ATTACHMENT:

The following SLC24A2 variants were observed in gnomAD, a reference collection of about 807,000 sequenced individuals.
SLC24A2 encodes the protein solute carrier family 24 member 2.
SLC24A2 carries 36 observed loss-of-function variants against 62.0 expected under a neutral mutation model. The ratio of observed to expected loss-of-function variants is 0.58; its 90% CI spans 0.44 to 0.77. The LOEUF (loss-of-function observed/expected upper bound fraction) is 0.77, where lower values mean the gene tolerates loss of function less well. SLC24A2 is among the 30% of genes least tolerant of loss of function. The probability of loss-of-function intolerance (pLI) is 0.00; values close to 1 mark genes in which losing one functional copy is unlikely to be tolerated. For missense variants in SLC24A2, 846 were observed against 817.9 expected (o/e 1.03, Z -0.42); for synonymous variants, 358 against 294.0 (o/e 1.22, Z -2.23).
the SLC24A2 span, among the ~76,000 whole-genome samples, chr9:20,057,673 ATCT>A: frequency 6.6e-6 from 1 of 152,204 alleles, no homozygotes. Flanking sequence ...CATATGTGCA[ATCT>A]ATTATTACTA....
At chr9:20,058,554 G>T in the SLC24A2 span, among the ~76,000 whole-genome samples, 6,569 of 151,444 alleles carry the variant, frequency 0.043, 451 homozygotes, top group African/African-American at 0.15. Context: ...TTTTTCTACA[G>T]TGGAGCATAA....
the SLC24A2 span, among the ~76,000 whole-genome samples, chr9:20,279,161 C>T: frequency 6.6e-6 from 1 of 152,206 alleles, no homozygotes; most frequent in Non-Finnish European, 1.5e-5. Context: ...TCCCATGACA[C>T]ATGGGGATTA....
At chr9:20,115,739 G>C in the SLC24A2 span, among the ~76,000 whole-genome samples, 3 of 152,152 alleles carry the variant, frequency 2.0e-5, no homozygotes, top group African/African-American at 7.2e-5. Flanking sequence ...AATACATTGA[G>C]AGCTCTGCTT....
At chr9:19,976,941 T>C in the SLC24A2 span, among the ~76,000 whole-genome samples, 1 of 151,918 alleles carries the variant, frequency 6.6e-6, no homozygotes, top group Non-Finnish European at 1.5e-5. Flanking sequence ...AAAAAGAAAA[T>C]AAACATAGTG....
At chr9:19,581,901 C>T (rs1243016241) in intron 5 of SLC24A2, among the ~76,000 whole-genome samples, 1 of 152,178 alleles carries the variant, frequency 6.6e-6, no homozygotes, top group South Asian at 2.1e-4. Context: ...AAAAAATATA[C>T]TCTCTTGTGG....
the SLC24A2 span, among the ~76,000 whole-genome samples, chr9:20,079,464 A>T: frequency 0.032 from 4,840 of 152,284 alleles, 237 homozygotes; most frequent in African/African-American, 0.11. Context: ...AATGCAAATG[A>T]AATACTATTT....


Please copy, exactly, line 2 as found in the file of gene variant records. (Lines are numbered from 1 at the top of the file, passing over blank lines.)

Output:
SLC24A2 encodes the protein solute carrier family 24 member 2.